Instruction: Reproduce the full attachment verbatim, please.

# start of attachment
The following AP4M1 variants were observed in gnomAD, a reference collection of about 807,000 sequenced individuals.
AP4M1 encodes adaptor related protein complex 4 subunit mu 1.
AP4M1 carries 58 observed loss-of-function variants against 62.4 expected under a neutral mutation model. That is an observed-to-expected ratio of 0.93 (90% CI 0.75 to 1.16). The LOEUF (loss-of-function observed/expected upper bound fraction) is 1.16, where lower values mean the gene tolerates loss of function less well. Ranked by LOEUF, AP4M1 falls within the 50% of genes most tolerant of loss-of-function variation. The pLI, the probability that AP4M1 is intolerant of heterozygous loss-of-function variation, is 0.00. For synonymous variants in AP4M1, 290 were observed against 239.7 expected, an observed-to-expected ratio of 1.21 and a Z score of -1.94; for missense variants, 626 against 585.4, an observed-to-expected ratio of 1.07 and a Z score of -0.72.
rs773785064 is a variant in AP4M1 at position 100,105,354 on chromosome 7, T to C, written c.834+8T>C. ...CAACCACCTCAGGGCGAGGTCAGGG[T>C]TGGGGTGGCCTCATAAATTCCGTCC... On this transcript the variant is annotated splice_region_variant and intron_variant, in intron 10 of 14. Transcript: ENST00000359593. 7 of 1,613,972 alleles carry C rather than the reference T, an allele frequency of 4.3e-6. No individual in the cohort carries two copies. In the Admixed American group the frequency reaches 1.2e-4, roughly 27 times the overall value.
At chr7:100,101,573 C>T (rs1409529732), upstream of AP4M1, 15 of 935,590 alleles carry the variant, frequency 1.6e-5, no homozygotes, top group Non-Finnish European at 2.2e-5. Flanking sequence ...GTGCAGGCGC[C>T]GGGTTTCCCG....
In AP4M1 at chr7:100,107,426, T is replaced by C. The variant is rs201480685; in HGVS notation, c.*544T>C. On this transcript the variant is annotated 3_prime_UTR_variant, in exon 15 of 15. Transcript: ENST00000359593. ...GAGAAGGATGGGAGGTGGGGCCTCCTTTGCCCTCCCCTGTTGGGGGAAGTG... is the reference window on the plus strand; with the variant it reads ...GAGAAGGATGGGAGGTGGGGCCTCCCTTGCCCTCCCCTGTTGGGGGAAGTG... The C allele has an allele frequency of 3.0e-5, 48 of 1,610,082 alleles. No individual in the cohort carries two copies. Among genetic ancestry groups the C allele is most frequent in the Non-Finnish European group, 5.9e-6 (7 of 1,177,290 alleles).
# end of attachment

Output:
The following AP4M1 variants were observed in gnomAD, a reference collection of about 807,000 sequenced individuals.
AP4M1 encodes adaptor related protein complex 4 subunit mu 1.
AP4M1 carries 58 observed loss-of-function variants against 62.4 expected under a neutral mutation model. That is an observed-to-expected ratio of 0.93 (90% CI 0.75 to 1.16). The LOEUF (loss-of-function observed/expected upper bound fraction) is 1.16, where lower values mean the gene tolerates loss of function less well. Ranked by LOEUF, AP4M1 falls within the 50% of genes most tolerant of loss-of-function variation. The pLI, the probability that AP4M1 is intolerant of heterozygous loss-of-function variation, is 0.00. For synonymous variants in AP4M1, 290 were observed against 239.7 expected, an observed-to-expected ratio of 1.21 and a Z score of -1.94; for missense variants, 626 against 585.4, an observed-to-expected ratio of 1.07 and a Z score of -0.72.
rs773785064 is a variant in AP4M1 at position 100,105,354 on chromosome 7, T to C, written c.834+8T>C. ...CAACCACCTCAGGGCGAGGTCAGGG[T>C]TGGGGTGGCCTCATAAATTCCGTCC... On this transcript the variant is annotated splice_region_variant and intron_variant, in intron 10 of 14. Transcript: ENST00000359593. 7 of 1,613,972 alleles carry C rather than the reference T, an allele frequency of 4.3e-6. No individual in the cohort carries two copies. In the Admixed American group the frequency reaches 1.2e-4, roughly 27 times the overall value.
At chr7:100,101,573 C>T (rs1409529732), upstream of AP4M1, 15 of 935,590 alleles carry the variant, frequency 1.6e-5, no homozygotes, top group Non-Finnish European at 2.2e-5. Flanking sequence ...GTGCAGGCGC[C>T]GGGTTTCCCG....
In AP4M1 at chr7:100,107,426, T is replaced by C. The variant is rs201480685; in HGVS notation, c.*544T>C. On this transcript the variant is annotated 3_prime_UTR_variant, in exon 15 of 15. Transcript: ENST00000359593. ...GAGAAGGATGGGAGGTGGGGCCTCCTTTGCCCTCCCCTGTTGGGGGAAGTG... is the reference window on the plus strand; with the variant it reads ...GAGAAGGATGGGAGGTGGGGCCTCCCTTGCCCTCCCCTGTTGGGGGAAGTG... The C allele has an allele frequency of 3.0e-5, 48 of 1,610,082 alleles. No individual in the cohort carries two copies. Among genetic ancestry groups the C allele is most frequent in the Non-Finnish European group, 5.9e-6 (7 of 1,177,290 alleles).